K. Bhimiah, J.
1. The petitioner in Criminal Revision Petition No. 276/67 is the complainant and Petitioners in Criminal Revision Petition No. 372 of 1967 are accused in C.C. No. 8194 of 1966 on the file of the Additional First Class Magistrate, Bangalore, who will be hereinafter referred to as the complainant and accused in the case.
2. The complainant filed a complaint against the accused for the offence punishable under Section 406 of the Penal Code. The learned Magistrate took cognizance of the complaint. The allegations in the complaint are that the prints and the publicity materials of the picture 'BEES SAAL BAAD' relating to Madras City, Tamilnad and Malabar were entrusted to the accused with a direction to hold the same on behalf of the complainant as Benamidars and to exploit the rights of distribution in the name of the complainant and make payments to him as and when they realized the amounts from exploitation. The accused went on following the directions upto 1st April 1964 and thereafter contrary to the directional not only tried to assert the rights of ownership in themselves but also misappropriated the funds with criminal intention. Further, according to the complainant the accused persons realized huge amounts of money in the months of June, July, August and September, 1964, and that they failed to account for such that was realized and also failed to give the percentage of profits as agreed to between them by an oral agreement.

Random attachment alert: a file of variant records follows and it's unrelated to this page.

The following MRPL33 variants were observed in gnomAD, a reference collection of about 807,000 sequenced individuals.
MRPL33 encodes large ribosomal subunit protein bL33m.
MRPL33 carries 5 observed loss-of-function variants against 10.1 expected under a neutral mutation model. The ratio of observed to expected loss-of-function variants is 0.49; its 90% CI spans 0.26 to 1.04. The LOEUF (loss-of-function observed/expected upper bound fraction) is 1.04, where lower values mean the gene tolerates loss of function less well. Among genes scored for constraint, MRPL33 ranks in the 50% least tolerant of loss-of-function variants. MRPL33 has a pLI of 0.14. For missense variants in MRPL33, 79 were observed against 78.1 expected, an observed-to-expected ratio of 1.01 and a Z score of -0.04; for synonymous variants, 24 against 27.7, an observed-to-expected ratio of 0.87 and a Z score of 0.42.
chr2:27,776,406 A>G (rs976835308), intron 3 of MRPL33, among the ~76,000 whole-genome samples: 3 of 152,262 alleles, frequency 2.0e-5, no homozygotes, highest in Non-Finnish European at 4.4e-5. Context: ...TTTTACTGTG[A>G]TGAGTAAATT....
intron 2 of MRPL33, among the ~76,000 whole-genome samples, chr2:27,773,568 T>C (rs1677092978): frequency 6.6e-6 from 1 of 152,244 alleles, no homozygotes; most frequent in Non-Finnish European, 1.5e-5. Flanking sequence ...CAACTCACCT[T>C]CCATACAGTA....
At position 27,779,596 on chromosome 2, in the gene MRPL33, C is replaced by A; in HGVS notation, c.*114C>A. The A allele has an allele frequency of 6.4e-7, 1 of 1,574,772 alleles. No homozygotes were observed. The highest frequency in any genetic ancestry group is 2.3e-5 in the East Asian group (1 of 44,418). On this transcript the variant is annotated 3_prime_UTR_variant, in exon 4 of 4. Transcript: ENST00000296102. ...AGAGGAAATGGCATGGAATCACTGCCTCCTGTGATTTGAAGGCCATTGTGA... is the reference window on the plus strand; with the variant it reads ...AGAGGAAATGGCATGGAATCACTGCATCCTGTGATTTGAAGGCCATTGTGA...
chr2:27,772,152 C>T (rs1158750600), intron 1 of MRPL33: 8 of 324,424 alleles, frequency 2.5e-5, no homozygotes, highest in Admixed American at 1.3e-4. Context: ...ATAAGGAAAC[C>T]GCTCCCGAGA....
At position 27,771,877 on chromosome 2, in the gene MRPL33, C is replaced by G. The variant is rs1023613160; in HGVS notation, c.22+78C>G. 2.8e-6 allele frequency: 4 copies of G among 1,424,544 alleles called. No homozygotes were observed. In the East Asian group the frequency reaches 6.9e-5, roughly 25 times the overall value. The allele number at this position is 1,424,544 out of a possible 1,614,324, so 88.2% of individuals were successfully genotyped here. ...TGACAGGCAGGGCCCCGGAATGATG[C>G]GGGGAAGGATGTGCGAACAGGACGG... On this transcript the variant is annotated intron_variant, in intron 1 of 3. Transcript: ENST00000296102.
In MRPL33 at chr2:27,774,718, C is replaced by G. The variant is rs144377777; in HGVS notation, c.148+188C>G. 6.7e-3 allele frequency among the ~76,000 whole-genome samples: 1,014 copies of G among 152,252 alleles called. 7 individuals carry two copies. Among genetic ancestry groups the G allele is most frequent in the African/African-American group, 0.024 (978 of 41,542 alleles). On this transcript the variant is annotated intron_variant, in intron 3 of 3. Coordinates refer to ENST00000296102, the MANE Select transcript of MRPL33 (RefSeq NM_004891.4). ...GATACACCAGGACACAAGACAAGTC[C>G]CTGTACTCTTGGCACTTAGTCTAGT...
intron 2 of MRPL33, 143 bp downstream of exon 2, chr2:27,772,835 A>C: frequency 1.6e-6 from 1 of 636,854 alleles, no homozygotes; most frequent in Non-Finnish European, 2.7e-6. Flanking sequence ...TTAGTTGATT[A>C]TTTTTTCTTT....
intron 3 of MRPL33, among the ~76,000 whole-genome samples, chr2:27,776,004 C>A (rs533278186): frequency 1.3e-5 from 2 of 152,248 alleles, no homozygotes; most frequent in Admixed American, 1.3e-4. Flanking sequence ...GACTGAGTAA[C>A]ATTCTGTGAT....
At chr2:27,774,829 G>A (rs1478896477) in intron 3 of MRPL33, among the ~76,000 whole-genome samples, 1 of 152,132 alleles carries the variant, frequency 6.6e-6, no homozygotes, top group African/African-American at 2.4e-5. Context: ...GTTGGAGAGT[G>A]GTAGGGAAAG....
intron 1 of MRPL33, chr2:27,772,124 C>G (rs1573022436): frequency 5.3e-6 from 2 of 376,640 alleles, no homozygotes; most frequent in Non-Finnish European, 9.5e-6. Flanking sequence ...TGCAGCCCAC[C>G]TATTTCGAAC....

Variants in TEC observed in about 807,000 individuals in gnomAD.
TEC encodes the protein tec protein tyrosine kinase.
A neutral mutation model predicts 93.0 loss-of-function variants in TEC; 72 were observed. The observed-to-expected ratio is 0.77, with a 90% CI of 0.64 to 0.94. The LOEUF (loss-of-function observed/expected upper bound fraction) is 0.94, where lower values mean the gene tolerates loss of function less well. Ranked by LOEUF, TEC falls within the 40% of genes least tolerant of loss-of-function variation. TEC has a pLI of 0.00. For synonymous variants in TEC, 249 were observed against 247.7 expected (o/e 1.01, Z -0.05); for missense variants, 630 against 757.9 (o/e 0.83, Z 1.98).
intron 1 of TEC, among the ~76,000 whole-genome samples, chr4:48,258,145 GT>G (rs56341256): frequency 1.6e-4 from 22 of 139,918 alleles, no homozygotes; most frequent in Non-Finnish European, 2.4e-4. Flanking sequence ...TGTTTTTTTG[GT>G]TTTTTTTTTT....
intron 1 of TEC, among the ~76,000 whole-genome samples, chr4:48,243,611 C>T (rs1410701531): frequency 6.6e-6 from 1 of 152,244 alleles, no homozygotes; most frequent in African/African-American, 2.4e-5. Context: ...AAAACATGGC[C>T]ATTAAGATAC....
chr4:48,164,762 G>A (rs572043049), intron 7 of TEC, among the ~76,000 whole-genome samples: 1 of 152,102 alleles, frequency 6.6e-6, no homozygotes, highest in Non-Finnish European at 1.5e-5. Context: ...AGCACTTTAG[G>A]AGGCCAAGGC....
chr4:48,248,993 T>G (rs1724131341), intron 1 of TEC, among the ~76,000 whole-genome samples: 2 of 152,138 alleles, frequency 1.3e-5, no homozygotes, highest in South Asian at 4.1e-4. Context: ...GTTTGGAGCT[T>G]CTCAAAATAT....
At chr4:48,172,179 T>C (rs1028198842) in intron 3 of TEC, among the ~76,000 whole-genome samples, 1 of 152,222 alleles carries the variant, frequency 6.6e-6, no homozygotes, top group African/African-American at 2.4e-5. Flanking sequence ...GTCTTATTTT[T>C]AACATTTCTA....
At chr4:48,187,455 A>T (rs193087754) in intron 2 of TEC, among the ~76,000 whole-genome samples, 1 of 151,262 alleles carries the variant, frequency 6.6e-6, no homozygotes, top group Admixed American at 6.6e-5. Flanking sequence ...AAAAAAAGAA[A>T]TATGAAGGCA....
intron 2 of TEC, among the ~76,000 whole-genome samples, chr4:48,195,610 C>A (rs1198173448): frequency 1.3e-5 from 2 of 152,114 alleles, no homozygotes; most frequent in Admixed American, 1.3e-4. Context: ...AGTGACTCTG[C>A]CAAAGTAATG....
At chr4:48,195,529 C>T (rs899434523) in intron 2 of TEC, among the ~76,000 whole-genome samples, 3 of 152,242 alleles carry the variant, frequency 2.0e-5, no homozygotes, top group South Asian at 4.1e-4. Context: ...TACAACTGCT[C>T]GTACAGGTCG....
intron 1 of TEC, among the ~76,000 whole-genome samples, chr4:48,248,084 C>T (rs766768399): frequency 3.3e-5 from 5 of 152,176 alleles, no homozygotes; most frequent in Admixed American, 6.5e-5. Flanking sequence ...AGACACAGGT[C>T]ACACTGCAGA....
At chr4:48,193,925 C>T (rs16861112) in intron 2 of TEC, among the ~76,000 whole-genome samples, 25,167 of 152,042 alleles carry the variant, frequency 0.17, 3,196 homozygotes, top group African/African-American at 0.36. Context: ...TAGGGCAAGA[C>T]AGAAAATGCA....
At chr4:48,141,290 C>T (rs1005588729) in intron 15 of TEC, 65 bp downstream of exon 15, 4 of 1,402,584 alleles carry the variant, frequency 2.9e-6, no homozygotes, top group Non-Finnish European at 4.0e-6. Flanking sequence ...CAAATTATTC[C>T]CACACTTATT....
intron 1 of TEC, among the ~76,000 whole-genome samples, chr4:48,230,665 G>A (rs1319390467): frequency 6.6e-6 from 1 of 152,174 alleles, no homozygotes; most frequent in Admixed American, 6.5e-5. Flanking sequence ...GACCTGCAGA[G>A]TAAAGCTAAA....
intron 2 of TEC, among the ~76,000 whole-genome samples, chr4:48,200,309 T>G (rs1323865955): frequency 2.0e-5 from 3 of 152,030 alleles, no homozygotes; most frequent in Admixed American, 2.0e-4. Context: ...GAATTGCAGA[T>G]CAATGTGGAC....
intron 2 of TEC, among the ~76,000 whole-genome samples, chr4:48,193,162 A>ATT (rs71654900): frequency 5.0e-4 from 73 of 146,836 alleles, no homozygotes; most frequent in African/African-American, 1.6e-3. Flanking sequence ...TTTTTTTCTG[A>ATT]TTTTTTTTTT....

3. During the pendency of the proceedings, on 14.8.1967, the complainant moved the Court to direst the Alankara Chitra (Private) Limited to produce the three prints of 'BEES SAAL BAAD' and the publicity materials relating to that picture before Court as they would be necessary for him to prove his case. After hearing the corn plainant's advocate, the Court directed Alankar Chitra (Private) Limited to produce the three prints and the publicity materials that were with them. Accordingly, they were produced by Alankar Chitra (Private) Limited.